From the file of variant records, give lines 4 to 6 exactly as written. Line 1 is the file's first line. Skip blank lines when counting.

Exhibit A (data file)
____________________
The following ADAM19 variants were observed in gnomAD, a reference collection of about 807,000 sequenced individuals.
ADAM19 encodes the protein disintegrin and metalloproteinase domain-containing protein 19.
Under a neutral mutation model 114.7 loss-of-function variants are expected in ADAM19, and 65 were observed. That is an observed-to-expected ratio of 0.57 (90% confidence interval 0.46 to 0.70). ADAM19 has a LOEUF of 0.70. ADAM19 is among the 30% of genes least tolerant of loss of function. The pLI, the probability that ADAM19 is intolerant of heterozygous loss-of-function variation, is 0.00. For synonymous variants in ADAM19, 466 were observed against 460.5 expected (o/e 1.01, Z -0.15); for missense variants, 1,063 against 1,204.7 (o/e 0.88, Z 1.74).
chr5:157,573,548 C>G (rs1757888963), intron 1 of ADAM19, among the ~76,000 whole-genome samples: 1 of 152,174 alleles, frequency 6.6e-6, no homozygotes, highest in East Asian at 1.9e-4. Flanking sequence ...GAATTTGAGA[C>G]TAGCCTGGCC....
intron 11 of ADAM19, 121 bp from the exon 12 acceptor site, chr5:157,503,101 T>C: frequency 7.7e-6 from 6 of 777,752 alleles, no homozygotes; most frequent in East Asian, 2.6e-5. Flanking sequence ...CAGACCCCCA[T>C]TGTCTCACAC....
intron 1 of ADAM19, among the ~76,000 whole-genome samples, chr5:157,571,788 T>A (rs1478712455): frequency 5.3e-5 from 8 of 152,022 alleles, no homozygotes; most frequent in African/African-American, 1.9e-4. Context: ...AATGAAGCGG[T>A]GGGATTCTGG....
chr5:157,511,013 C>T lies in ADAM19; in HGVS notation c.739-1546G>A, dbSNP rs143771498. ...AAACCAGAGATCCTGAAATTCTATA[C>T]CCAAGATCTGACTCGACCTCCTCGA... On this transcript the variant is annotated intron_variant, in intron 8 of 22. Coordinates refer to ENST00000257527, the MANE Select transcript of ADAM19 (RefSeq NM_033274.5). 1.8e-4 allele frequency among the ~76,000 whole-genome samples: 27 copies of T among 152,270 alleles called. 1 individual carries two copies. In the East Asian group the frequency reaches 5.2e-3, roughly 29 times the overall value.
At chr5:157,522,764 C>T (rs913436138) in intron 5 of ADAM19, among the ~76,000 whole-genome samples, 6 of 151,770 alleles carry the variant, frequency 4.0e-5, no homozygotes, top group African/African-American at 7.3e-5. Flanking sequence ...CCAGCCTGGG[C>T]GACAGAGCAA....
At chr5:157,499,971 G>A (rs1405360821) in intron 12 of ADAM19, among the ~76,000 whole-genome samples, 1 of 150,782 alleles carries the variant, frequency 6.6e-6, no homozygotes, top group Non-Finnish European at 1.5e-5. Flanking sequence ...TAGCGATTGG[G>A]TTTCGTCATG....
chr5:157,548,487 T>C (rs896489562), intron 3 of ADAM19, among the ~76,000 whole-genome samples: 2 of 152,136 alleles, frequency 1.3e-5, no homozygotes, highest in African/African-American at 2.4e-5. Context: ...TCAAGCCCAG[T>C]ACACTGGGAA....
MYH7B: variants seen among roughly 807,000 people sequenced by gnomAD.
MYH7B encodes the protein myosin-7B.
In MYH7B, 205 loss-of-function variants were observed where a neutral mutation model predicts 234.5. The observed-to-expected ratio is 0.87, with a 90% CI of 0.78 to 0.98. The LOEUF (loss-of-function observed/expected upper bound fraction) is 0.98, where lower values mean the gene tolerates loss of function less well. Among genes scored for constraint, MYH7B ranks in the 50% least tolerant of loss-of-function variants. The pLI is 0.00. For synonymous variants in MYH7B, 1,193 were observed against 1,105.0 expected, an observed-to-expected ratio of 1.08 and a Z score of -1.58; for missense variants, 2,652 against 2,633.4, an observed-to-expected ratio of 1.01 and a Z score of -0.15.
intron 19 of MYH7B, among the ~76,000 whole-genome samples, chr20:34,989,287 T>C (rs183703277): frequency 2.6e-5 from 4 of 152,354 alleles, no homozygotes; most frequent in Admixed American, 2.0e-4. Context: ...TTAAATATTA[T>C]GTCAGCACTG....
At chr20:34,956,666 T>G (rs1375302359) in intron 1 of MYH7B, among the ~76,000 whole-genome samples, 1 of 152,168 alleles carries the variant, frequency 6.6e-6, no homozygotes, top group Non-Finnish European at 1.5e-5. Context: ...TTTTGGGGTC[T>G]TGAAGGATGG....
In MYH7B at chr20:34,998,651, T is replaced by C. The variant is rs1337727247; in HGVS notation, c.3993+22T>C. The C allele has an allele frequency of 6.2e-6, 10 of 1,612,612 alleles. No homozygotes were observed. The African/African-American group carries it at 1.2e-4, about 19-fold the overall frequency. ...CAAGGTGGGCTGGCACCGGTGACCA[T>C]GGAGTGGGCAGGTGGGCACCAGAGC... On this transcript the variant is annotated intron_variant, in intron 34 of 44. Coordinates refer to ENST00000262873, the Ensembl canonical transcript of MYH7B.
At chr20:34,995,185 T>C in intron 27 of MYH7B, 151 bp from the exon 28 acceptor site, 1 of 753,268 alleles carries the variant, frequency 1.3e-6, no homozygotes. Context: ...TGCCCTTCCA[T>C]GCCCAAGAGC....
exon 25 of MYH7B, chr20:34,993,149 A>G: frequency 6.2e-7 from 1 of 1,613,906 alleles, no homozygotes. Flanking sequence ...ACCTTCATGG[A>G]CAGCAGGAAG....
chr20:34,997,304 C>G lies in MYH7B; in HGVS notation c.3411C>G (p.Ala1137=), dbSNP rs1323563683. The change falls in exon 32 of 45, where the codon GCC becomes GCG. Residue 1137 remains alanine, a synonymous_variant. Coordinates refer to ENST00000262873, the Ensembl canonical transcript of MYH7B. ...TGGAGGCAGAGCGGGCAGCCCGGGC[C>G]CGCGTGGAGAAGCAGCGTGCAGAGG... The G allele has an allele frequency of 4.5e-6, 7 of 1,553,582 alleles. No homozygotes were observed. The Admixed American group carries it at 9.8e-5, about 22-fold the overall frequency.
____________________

chr5:157,573,548 C>G (rs1757888963), intron 1 of ADAM19, among the ~76,000 whole-genome samples: 1 of 152,174 alleles, frequency 6.6e-6, no homozygotes, highest in East Asian at 1.9e-4. Flanking sequence ...GAATTTGAGA[C>G]TAGCCTGGCC....
intron 11 of ADAM19, 121 bp from the exon 12 acceptor site, chr5:157,503,101 T>C: frequency 7.7e-6 from 6 of 777,752 alleles, no homozygotes; most frequent in East Asian, 2.6e-5. Flanking sequence ...CAGACCCCCA[T>C]TGTCTCACAC....
intron 1 of ADAM19, among the ~76,000 whole-genome samples, chr5:157,571,788 T>A (rs1478712455): frequency 5.3e-5 from 8 of 152,022 alleles, no homozygotes; most frequent in African/African-American, 1.9e-4. Context: ...AATGAAGCGG[T>A]GGGATTCTGG....